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Should Chicken Wings Be Boiled Before Frying Them?

by Maxine Wallace

Parboiling chicken wings cuts down on frying time and can speed up the process, especially if your wings are frozen at the time of cooking. This simple step is easy to complete and helps to expedite the sometimes-arduous task of frying a lot of chicken wings at once, cutting down on the mess.

Parboiling Basics

Parboiling chicken wings is the act of quick-cooking them to tenderize them, remove harsh flavors and get a jump on the cooking process. This is done by submerging split chicken wings in boiling water for about 2 minutes. Add wings to water that is at a rolling boil and begin the timer only after the water begins simmering again after adding the wings. Once drained, the wings are ready to be dredged or battered and fried in hot oil. Parbroiling chicken can be done with either fresh wings or frozen wings, though the cooking time should be adjusted slightly for frozen wings.

Frying Parboiled Wings

Once your wings are parboiled, the steps to fry them are the same as if they were fresh; only the cooking time must be shortened. A shorter cooking time means less oil absorbed during cooking, making for slightly healthier fried chicken wings. Dredge the chicken wings in flour or dip them in a batter of your choice. Fry the wings in batches in oil heated to 375 degrees Fahrenheit until they become a golden brown color and drain well before serving.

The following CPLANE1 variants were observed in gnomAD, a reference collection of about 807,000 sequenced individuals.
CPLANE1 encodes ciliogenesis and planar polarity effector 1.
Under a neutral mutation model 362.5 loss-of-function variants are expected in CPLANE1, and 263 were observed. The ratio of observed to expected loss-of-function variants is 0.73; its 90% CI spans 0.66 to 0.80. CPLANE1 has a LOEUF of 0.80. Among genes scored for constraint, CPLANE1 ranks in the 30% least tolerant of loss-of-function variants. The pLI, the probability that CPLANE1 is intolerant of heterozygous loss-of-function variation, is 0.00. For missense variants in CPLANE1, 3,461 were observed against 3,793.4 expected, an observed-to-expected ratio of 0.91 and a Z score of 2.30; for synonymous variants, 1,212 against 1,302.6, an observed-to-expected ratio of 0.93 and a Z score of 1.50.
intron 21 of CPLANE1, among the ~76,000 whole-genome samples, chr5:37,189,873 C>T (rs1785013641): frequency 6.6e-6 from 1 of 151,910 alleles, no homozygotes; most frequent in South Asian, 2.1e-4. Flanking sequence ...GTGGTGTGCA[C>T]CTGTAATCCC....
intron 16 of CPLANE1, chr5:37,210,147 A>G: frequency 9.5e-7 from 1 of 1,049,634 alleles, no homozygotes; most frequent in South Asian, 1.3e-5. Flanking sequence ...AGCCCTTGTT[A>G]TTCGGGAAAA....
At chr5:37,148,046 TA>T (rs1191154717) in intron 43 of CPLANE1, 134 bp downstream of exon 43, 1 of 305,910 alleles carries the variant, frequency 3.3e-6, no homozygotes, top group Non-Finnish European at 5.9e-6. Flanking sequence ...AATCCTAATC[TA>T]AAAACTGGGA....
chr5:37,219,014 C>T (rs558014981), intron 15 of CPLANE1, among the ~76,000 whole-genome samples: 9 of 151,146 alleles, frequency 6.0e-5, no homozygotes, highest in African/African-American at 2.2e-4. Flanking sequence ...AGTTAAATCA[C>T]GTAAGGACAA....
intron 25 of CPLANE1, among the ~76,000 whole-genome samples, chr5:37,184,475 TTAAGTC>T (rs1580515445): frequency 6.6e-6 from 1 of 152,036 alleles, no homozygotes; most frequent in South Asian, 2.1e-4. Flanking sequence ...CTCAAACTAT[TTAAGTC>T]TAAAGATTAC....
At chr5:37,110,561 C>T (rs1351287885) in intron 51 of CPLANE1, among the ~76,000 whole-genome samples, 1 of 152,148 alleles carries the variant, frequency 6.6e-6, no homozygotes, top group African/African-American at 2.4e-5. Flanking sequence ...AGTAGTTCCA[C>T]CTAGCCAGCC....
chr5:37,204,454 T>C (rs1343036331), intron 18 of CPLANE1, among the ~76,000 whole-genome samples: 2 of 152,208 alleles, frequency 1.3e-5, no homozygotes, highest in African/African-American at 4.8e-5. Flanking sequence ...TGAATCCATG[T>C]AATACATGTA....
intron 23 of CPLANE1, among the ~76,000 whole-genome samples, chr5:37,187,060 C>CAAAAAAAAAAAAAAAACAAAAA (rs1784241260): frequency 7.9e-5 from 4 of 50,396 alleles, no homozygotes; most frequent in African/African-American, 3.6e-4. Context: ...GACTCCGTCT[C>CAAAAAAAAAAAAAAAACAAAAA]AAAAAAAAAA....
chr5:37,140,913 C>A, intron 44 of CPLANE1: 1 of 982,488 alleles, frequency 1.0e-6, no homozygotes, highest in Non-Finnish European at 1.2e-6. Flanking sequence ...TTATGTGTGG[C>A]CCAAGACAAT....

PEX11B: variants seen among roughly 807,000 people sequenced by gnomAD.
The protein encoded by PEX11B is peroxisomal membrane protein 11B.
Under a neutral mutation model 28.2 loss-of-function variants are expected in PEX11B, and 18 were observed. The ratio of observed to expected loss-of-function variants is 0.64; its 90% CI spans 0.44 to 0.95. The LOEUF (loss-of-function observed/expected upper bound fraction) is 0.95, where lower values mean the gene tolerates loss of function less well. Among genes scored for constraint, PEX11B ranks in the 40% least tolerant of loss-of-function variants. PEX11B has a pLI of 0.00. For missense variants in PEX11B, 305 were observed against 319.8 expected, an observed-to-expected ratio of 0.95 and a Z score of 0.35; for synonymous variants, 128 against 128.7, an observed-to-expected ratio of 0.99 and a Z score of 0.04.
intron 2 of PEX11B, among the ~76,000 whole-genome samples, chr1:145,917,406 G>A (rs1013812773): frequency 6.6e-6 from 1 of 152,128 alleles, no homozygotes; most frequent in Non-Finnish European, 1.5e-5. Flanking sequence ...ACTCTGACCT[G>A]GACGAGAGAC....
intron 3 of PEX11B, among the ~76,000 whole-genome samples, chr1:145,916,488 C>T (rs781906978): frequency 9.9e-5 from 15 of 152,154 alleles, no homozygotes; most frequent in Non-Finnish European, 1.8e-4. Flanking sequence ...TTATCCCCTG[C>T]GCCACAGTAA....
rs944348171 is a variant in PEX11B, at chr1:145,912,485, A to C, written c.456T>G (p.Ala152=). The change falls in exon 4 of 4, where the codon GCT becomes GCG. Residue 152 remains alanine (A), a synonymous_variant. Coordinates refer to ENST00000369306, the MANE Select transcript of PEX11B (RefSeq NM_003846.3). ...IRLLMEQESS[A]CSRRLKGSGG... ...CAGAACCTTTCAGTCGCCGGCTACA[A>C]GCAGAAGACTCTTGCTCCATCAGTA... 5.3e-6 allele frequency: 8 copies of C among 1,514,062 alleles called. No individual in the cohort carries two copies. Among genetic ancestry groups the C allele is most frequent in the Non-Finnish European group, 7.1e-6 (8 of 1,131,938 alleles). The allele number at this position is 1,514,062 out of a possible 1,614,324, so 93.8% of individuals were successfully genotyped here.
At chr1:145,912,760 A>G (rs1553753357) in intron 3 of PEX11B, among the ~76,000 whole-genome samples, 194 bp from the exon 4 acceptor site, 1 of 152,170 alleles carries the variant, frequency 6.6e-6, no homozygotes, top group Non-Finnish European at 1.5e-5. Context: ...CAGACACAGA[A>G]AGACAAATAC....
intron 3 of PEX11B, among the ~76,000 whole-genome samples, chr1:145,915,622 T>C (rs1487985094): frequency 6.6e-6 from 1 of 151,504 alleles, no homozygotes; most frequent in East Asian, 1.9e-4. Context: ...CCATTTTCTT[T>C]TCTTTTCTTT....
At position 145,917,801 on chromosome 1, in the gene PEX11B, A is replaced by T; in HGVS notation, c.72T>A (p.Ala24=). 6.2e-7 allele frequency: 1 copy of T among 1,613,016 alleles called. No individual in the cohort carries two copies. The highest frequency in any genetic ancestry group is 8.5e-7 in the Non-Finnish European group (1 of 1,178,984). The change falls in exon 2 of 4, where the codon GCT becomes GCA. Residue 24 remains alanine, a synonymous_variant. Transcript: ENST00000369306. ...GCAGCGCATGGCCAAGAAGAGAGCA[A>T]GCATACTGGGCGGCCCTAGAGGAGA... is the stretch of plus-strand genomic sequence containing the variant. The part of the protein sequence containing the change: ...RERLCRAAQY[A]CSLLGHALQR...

Oven-Fried Chicken Wings

Parboiling is a perfect idea when making oven-fried chicken wings. This extra step allows you to ensure that the meat is cooked, without burning the exterior of the wings in the oven to do so. After parboiling, dredge wings in flour, dip in beaten egg or milk and roll in breadcrumbs or panko. Arrange wings on a baking sheet and broil the wings just 6 inches from the flame for about 5 to 6 minutes on each side to achieve a crisp, oven-fried interpretation of fried chicken wings.

Frying Without Parboiling

Chicken wings are so small and fast-cooking that parboiling is not necessary to expertly fry them. To skip the parboiling step, simply heat your oil to 375 F and submerge the dredged wings in the oil. Fresh wings will need to be cooked for about 10 minutes in hot oil; check internal temperature to ensure it reaches 165 F, and pay close attention to the color of the chicken coating to gauge doneness. Finished pieces should be golden brown.

About the Author

Based in Portland, Ore., Maxine Wallace is a writer with more than 12 years of experience. With a bachelor's degree in journalism and experience working on marketing campaigns for large media agencies, she is well-versed in multiple industries including the Internet, cooking, gardening, health, fitness, travel and holistic living.

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